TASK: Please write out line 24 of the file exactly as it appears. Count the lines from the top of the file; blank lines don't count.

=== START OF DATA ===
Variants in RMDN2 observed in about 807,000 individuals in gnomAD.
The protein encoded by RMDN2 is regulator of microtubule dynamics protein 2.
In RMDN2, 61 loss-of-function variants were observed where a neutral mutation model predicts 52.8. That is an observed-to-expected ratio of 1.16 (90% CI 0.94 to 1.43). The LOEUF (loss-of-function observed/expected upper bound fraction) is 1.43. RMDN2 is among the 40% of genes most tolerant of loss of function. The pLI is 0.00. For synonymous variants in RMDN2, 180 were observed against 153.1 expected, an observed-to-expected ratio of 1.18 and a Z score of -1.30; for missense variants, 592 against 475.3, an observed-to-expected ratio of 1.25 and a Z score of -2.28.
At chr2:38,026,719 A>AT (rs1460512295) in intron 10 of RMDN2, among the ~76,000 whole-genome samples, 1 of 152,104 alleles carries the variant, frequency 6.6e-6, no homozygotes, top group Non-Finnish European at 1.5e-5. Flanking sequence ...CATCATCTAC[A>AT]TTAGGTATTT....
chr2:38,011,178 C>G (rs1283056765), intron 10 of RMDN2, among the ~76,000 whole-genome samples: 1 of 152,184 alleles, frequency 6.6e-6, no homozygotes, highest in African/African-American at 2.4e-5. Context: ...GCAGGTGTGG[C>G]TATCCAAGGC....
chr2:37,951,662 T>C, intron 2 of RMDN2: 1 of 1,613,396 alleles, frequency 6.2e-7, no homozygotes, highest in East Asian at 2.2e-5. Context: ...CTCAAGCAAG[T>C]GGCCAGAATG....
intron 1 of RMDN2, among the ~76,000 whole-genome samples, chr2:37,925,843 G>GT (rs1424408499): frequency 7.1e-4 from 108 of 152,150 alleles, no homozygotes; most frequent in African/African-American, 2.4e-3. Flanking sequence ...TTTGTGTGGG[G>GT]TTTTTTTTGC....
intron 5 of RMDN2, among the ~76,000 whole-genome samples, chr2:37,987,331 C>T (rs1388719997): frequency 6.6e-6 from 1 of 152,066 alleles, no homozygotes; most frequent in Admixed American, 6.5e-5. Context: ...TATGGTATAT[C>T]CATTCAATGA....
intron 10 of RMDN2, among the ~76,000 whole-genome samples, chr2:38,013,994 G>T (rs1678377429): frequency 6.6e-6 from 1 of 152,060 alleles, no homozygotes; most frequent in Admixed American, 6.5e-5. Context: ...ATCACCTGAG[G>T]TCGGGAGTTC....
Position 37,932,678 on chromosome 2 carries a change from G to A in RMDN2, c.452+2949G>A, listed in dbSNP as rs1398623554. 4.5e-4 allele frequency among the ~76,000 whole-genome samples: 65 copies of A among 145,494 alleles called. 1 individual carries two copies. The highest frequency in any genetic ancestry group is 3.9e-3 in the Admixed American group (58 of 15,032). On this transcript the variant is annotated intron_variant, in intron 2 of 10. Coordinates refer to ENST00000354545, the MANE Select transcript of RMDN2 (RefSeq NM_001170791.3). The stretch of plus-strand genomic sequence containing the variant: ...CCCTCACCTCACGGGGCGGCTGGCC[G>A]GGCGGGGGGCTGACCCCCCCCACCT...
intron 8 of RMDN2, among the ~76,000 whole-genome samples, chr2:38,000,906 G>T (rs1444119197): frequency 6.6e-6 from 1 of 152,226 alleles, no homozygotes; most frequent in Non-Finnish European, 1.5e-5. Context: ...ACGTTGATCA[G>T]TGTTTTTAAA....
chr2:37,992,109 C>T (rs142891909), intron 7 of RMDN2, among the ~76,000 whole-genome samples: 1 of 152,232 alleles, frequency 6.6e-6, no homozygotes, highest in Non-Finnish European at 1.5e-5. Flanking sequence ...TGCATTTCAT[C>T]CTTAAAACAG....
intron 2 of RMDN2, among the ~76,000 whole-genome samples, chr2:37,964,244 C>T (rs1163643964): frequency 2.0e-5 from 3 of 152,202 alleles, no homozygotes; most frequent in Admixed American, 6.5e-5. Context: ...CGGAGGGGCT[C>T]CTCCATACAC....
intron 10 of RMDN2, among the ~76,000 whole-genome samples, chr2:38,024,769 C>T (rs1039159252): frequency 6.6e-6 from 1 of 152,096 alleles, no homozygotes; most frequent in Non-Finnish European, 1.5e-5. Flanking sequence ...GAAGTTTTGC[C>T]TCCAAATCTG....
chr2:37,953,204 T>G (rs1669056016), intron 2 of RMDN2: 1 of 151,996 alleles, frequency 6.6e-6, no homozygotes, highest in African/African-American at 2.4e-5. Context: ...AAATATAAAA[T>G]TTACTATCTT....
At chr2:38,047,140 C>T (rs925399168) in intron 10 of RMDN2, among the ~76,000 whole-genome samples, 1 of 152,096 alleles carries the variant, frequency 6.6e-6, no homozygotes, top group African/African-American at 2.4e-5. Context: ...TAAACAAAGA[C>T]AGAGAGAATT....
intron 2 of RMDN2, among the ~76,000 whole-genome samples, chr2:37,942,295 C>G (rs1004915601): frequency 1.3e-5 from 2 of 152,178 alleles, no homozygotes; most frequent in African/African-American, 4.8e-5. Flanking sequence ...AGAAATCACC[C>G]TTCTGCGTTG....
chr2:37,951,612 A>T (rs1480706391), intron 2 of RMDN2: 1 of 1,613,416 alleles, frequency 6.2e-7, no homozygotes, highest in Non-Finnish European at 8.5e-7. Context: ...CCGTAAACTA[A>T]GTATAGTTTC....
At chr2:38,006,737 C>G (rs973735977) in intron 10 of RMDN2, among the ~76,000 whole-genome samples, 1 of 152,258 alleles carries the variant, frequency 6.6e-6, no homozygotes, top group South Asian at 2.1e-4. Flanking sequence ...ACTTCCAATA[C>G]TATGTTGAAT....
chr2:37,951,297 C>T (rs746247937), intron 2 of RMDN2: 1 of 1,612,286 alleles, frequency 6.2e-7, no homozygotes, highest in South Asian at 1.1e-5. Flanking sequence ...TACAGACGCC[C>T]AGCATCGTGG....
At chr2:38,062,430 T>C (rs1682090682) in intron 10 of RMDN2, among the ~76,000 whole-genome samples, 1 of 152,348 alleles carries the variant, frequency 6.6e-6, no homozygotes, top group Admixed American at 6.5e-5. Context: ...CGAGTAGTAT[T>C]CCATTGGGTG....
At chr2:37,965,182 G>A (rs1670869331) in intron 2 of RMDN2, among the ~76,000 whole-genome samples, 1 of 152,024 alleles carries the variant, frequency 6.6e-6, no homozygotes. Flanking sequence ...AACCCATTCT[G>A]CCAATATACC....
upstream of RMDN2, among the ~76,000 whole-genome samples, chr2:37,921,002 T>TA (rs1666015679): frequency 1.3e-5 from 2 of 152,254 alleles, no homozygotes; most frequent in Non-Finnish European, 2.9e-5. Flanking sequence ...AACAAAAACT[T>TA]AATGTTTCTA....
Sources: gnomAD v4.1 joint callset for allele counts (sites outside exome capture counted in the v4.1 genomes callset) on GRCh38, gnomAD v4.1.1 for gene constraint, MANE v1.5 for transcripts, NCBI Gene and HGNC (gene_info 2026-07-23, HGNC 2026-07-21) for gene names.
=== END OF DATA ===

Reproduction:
Sources: gnomAD v4.1 joint callset for allele counts (sites outside exome capture counted in the v4.1 genomes callset) on GRCh38, gnomAD v4.1.1 for gene constraint, MANE v1.5 for transcripts, NCBI Gene and HGNC (gene_info 2026-07-23, HGNC 2026-07-21) for gene names.